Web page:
It's coming to that time of year when high school seniors get back their acceptance letters from the colleges and universities they've applied to over the course of the past four-plus months. The anxieties of opening acceptance or rejection letters, there comes down to the choice of which college to attend. Despite the academic factors, social interactions have the capability to make or break someone's college experience; so when finding a school that meets to a students social needs is as important as academics.

Through this need of a social circle in a new chapter of a student's life, many students stick to the same social circles in high school. From planning out which one of you high school besties are going to be your roommate to picking out classes together, the future just seems more stable knowing you're not going into the dark, unknown abyss of college alone.

But I believe that it is through this adjustment to the unstable that our true personalities shine.

During the spring of my senior year, I decided to attend a small, liberal arts college on the prairie of west-central Minnesota. Whenever I'd bring up of the name of the college, nearly everyone responded, "where is that?" My college is not the most well known school in Minnesota but it was the perfect fit for me: a close community, phenomenal scholarship offers and an atmosphere that made me feel like home. Where people saw another small-town university, I saw my dream college. The only thing that I found was a concerning factor was the fact that I was the only one of my school, and friend group for that matter, that was attending this college. While I decided on a campus out of state, many of my friends either decided to go to a local state college or lay off school for a semester. My greatest fear of attending college was that I was going to be alone.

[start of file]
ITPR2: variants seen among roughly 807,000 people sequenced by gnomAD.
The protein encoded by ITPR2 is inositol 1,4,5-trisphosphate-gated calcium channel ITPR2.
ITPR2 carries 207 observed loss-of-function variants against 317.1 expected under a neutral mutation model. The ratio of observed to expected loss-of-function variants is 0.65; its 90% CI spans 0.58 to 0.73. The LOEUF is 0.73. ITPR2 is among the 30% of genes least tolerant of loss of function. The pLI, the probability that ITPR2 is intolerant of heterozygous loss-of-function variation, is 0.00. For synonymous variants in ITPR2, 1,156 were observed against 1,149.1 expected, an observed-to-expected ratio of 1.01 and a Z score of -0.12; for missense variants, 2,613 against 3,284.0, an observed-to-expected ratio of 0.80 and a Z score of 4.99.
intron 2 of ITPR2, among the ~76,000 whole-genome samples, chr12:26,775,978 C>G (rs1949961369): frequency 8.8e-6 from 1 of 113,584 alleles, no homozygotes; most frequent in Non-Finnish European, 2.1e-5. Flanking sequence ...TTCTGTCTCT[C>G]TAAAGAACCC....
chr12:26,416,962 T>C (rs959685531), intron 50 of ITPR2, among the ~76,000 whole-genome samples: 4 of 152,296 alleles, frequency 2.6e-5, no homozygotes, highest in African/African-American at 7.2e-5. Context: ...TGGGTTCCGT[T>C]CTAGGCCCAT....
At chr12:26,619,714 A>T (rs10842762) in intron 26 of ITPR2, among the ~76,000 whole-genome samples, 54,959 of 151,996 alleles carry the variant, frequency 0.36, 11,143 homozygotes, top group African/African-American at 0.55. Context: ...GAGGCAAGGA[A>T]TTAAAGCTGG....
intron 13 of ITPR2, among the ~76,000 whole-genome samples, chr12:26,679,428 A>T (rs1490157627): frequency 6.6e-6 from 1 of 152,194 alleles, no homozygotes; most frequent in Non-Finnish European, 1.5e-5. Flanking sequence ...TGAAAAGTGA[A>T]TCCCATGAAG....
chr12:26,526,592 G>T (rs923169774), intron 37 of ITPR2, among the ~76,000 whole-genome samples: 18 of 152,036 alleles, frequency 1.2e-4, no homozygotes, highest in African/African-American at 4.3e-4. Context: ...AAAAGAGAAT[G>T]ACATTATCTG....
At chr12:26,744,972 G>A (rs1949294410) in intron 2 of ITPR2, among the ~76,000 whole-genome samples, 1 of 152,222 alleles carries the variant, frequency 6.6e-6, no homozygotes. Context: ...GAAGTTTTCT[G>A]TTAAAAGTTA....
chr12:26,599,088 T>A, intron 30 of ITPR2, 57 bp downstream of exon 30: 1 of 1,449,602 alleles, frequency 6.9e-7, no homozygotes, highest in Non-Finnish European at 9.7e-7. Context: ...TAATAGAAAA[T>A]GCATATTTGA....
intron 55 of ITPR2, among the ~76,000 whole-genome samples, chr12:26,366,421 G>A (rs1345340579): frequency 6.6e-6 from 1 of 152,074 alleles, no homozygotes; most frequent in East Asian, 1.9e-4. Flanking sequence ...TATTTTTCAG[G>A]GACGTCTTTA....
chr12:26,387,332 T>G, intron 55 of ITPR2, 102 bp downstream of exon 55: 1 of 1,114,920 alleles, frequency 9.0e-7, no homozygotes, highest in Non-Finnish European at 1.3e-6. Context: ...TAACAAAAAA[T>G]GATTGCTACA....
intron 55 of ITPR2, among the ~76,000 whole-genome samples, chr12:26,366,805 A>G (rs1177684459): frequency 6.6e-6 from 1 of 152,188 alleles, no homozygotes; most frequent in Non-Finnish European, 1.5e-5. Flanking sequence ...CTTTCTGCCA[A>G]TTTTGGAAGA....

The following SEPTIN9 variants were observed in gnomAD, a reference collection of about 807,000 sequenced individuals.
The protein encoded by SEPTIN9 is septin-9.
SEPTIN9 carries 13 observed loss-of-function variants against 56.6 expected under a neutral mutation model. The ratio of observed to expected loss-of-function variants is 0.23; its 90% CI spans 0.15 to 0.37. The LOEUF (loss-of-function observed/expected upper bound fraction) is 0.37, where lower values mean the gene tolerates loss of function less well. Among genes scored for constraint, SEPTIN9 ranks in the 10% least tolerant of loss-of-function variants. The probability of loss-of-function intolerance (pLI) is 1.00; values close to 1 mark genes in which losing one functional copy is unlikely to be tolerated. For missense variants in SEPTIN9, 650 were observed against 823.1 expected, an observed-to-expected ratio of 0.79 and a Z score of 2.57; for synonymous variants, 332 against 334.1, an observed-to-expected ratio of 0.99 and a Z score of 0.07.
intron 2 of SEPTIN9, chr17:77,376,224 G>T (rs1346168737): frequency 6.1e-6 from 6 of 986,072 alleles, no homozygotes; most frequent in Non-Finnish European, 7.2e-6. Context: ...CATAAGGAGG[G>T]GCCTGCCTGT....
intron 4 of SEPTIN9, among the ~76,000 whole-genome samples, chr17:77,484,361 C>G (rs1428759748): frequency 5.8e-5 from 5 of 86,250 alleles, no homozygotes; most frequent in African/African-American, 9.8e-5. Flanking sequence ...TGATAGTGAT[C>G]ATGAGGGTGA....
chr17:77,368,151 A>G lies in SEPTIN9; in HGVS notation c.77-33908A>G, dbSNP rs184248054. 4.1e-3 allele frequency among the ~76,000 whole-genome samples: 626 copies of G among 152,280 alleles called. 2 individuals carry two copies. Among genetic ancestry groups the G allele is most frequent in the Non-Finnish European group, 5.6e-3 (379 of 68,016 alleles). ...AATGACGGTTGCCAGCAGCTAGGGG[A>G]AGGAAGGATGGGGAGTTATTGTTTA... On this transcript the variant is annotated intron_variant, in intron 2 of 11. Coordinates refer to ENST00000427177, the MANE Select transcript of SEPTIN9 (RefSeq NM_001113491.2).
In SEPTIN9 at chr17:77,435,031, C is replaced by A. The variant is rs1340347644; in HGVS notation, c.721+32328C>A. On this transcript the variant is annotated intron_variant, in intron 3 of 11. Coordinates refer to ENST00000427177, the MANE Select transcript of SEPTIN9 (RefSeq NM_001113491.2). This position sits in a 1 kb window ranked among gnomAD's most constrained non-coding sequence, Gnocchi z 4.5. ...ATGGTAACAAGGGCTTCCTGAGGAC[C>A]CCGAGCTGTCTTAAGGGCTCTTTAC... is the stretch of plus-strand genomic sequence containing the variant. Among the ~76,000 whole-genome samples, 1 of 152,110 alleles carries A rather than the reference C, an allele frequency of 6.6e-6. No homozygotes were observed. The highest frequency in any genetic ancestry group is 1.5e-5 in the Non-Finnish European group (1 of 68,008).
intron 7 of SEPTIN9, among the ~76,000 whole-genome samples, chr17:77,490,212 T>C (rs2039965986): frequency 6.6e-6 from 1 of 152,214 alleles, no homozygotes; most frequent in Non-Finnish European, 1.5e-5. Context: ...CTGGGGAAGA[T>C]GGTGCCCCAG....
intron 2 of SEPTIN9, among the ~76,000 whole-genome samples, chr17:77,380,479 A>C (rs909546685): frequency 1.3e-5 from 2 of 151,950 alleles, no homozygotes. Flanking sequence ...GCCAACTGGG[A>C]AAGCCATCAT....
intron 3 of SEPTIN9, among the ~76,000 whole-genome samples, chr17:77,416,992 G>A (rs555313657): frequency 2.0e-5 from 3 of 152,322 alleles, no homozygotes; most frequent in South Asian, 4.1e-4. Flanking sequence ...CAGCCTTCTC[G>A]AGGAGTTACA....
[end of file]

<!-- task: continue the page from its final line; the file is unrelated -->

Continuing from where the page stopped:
Often I would contemplate giving up my dream school to attend my state's college just so I wouldn't be so far away from my friends. But no matter where I looked, these state schools didn't compare to the fit that my dream schools had to me. I was at a crossroad. In the end, I decided to take a leap of faith and venture out into the next stage of my life on my own. And I can confidently say it was the best decision I could have made for myself.

Going to a "new-start" college allowed me to step out of my comfort zone. At times, it was hard experiencing life on my own without my strong network of friends by my side. But it re-enforced my self confidence through trying new things, meeting new people, finding my own interests and most importantly discovering who I was as a human being.

But I never lost contact with my closest friends. Although miles away, phone calls and texts became our lifeline. It reassured me that through the distance between us, we were still an important aspect of our relationships. Through this I became aware that I wasn't just afraid of being alone, but being forgotten. The years I have spent with my friends from elementary to high school I feared the thought of losing the people who I cared for most dearly. But it was through that friendship that I found the support to live my life to the fullest, even if that meant going to school hours away from them. My closest friends were my biggest supporters and through that they motivated me to seek out my fullest potential.

College is a beautiful time in life to venture out and explore the next stage of your life. At times, it's hard to move on from the love and security that your friends give you. But if they are your true friends, they will stay. They will continue to support you no matter where you go and believe in you and your dreams. At times it is important to remember that it's okay to let go. Your life isn't solely determined through the relationships you build, but the relationship and respect you have for yourself in order to grow and thrive.